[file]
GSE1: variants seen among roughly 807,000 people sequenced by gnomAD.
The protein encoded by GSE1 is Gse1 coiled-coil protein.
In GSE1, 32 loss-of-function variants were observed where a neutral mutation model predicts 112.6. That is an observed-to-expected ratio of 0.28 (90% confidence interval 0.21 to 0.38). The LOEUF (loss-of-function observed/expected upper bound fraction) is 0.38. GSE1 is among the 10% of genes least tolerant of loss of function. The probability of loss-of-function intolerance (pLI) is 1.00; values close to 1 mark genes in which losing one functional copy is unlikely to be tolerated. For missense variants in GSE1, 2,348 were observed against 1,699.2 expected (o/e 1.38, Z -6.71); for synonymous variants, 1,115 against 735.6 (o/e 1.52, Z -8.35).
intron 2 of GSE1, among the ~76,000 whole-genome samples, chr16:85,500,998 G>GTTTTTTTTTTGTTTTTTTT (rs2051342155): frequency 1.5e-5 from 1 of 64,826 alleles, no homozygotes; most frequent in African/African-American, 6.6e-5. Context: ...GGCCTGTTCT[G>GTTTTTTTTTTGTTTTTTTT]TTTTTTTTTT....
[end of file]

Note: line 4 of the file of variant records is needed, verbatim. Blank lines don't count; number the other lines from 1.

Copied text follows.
intron 2 of GSE1, among the ~76,000 whole-genome samples, chr16:85,500,998 G>GTTTTTTTTTTGTTTTTTTT (rs2051342155): frequency 1.5e-5 from 1 of 64,826 alleles, no homozygotes; most frequent in African/African-American, 6.6e-5. Context: ...GGCCTGTTCT[G>GTTTTTTTTTTGTTTTTTTT]TTTTTTTTTT....